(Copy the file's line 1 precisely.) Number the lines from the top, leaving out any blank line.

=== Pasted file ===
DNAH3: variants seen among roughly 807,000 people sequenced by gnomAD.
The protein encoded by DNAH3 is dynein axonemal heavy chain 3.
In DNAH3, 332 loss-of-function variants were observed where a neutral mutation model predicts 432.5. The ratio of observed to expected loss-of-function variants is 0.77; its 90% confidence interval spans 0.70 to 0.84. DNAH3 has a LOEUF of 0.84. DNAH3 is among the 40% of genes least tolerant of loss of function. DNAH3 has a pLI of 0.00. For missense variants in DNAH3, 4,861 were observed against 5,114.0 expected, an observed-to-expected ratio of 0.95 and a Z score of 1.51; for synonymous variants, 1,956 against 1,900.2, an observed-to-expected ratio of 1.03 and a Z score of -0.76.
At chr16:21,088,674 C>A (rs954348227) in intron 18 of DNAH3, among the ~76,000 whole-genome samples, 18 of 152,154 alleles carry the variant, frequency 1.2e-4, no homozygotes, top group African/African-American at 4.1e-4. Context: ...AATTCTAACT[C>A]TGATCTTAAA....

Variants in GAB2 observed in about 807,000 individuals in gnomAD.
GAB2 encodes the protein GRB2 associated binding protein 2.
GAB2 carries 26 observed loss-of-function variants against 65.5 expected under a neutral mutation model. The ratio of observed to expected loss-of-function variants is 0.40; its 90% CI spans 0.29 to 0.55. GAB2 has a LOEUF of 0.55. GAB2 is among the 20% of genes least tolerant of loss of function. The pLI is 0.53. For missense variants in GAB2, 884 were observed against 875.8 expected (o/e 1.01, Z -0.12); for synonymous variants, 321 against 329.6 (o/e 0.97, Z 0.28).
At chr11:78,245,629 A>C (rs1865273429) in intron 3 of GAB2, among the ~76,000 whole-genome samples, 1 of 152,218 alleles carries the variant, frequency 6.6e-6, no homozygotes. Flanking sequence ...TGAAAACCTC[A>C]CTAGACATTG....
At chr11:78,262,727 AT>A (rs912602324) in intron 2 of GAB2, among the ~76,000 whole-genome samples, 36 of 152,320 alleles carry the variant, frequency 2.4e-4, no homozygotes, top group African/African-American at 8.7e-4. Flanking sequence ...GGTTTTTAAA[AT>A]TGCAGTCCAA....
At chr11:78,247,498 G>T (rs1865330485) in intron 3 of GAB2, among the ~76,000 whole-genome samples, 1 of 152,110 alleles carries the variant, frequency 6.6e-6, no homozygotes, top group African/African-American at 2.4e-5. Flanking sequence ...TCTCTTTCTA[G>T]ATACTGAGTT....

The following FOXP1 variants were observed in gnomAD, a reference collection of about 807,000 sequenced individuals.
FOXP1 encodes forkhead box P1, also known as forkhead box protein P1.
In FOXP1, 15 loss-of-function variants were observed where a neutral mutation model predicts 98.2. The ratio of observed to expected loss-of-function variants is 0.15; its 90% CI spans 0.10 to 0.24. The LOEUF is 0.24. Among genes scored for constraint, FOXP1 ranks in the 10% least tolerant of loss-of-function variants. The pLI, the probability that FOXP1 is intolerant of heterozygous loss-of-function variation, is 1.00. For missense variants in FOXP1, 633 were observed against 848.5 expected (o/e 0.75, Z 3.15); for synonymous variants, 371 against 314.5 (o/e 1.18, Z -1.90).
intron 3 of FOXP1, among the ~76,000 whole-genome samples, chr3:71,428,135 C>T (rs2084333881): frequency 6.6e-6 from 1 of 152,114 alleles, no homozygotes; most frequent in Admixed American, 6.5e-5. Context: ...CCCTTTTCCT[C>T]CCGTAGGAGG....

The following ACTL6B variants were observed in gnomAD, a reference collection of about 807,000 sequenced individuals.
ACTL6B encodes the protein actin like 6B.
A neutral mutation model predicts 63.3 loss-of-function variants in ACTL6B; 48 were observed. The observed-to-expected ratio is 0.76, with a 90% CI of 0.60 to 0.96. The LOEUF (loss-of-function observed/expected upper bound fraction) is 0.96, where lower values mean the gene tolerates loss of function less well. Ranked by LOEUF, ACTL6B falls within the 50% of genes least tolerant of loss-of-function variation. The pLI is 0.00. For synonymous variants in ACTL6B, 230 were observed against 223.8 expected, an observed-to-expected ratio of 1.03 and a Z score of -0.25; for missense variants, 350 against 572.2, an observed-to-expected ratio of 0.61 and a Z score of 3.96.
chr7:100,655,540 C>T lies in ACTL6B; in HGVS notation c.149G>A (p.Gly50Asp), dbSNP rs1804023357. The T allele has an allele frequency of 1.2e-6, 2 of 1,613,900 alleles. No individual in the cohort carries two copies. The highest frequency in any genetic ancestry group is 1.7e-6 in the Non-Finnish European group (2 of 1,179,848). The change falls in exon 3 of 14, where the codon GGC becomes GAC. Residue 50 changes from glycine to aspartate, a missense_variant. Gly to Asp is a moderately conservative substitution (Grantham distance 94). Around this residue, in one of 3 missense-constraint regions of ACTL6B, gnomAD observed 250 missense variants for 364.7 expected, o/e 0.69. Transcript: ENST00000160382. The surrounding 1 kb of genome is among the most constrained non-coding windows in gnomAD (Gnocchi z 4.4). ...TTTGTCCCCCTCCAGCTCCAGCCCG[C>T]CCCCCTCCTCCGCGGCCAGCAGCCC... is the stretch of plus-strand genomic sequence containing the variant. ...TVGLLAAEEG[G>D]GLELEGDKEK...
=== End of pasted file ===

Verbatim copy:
DNAH3: variants seen among roughly 807,000 people sequenced by gnomAD.